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Catawba College works to reach climate neutrality by 2030

Catawba College News Service
Catawba College wants to achieve climate neutrality by 2030, according to the plan it submitted as a signatory of the American College and University Presidents’ Climate Commitment. To get there, the institution will have to change the way it uses energy and reduce the amount of energy it uses.
Carrie Gonnella, an Environmental Defense Fund Climate Corps Public Sector Fellow, spent 10 weeks at Catawba this summer. During that time, she was busy assessing the college’s energy usage and costs, visiting various buildings to gather information, conducting lighting and temperature audits of 20 buildings, making an appliance inventory of selected buildings and having thoughtful HVAC discussions with two college facilities employees responsible for HVAC. The results of Gonnella’s labor are recommendations for eight different campus projects, which, if implemented, will move Catawba closer to its goal of climate neutrality.
Gonnella, who is pursuing two master’s degrees at Duke University — a Master of Environmental Management and a Master of Business Administration, concluded her work at Catawba’s Center for the Environment near the end of July. Before her departure, she presented her findings and her eight project recommendations to members of the college’s Climate Commitment Committee. These project recommendations, their costs and projected payback timeframe follow:
• Installing 26 VendingMisers and one CoolerMiser on campus drink vending machines would save the college $2,758 a year in energy costs. The project costs would be $3,464, yet would pay for itself in 1.3 years, Gonnella said. In addition to installing the Misers, Catawba can modify vending contracts to require Energy Star vending machines or Energy Star retrofit kits and delamping of both drink and snack vending machines on campus.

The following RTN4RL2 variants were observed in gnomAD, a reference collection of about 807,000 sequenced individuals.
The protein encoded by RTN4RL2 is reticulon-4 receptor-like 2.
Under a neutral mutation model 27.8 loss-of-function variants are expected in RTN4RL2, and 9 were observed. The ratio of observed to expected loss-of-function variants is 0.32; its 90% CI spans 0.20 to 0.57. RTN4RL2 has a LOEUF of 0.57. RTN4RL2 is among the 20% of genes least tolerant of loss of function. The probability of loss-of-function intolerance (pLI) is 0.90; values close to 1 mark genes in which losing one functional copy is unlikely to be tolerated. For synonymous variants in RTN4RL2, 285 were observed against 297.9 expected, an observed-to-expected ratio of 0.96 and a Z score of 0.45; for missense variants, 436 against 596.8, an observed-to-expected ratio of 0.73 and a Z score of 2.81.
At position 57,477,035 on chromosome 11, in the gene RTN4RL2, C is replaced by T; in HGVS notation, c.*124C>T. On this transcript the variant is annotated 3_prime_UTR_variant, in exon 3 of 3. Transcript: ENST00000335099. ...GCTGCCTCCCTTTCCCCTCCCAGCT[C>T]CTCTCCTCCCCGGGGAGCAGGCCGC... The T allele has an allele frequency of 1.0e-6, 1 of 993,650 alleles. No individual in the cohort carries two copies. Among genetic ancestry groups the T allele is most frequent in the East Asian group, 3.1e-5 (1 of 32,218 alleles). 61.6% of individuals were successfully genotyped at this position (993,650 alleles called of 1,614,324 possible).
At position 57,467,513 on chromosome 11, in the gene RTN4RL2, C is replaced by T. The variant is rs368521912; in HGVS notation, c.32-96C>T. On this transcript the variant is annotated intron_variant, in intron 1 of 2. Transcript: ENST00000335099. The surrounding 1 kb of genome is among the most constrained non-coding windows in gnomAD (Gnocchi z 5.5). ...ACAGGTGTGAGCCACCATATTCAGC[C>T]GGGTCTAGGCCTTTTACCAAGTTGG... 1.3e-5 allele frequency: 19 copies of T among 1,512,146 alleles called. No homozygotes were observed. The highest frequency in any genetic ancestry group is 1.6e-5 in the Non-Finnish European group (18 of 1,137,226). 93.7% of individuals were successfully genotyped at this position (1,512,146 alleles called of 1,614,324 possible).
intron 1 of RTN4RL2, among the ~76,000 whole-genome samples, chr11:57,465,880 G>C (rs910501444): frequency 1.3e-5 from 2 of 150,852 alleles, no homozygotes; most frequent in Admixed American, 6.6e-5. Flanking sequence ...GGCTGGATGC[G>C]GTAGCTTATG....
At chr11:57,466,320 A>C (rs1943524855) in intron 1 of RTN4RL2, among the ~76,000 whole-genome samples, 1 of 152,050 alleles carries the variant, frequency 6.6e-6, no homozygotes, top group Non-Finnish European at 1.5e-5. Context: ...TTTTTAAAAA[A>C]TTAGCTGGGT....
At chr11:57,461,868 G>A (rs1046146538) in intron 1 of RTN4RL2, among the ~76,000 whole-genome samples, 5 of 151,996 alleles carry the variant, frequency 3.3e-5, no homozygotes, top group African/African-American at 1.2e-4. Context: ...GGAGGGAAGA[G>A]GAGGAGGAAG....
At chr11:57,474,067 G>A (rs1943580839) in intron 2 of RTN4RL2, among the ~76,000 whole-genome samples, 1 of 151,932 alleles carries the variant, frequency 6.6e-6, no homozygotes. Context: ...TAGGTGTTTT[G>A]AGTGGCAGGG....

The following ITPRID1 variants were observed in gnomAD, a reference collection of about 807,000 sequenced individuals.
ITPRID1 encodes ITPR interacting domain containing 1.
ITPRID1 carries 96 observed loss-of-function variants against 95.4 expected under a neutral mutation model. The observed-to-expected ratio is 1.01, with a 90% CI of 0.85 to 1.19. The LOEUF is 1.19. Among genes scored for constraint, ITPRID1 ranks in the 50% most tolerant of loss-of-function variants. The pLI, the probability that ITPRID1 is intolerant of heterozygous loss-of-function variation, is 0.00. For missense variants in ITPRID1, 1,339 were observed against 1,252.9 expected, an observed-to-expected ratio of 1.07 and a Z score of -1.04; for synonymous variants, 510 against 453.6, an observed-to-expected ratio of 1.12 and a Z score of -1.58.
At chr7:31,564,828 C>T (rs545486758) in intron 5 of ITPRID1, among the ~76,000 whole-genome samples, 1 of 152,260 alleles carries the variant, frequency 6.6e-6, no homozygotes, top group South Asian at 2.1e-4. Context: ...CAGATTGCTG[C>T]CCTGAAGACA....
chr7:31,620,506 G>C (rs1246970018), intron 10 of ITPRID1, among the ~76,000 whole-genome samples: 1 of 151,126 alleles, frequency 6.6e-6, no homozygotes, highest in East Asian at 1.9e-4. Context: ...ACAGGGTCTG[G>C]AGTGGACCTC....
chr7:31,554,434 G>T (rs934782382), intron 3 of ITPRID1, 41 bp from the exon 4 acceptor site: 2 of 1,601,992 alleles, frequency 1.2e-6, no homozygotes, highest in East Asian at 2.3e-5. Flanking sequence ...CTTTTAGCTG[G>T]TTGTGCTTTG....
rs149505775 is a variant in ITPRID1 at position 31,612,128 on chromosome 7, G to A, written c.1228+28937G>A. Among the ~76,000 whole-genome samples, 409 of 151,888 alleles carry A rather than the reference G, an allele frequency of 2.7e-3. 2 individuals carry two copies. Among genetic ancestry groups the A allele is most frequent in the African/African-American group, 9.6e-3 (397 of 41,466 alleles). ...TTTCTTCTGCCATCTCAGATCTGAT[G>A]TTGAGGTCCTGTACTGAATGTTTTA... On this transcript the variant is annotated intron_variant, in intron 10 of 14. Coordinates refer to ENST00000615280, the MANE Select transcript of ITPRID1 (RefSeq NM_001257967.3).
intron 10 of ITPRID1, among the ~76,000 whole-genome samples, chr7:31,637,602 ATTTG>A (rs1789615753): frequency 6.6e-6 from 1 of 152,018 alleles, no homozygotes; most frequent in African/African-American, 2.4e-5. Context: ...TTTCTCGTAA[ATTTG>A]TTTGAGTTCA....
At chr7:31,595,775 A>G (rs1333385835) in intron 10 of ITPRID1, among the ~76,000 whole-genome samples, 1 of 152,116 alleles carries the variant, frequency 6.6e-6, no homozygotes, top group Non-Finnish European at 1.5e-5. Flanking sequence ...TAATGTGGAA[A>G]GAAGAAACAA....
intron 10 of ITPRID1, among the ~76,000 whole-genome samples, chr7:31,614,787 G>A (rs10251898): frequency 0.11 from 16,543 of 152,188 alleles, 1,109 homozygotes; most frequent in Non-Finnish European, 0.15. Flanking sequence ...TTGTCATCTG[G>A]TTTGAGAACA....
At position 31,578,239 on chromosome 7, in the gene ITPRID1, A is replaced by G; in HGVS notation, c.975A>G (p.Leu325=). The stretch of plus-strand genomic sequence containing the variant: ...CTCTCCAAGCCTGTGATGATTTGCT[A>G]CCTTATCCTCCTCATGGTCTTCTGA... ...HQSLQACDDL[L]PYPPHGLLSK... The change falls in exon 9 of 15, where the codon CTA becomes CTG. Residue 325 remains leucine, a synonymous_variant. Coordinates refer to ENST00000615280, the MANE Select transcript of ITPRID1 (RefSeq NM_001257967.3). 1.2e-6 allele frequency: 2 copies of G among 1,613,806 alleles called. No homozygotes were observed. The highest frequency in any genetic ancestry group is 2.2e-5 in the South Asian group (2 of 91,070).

• Switching from incandescent to CFL bulbs in three buildings on campus — Hedrick, Barger-Zartman and Hurley — would save $311 a year in energy costs. The project cost would be $279 and would only take less than a year to pay for itself.
• Lighting retrofits in nine campus building to swap old T12 fluorescent fixtures to T8 fluorescent fixtures would cost $19,305, but the overall project would pay for itself in 2.4 years. These recommended lighting retrofits would also allow Catawba to realize an $8,157 savings annually in energy costs.
• Installing a 15-horsepower variable speed drive on the heating and cooling system fan at the Robertson College-Community Center would cost only $967, thanks to an incentive offered by Duke Energy, but would create a $2,080 a year operating savings for Catawba and pay for itself in six months.
• By being more disciplined in temperature scheduling in 11 buildings on campus, all of which have existing building automation systems (Shuford, Hedrick, Corriher-Linn-Black, Williams, Hayes, Hurley, Goodman East, Goodman West, Purcell, Fuller and Graham), the college could save an additional $48,435. This would involve setting the temperature to 70 for heating and 76 for cooling in these buildings. Regular temperature “setbacks” in the unused residence halls during the summer months and for eight hours a day in Hedrick and Shuford would also help maximize the savings simply by using the full potential of the building automation systems already in place.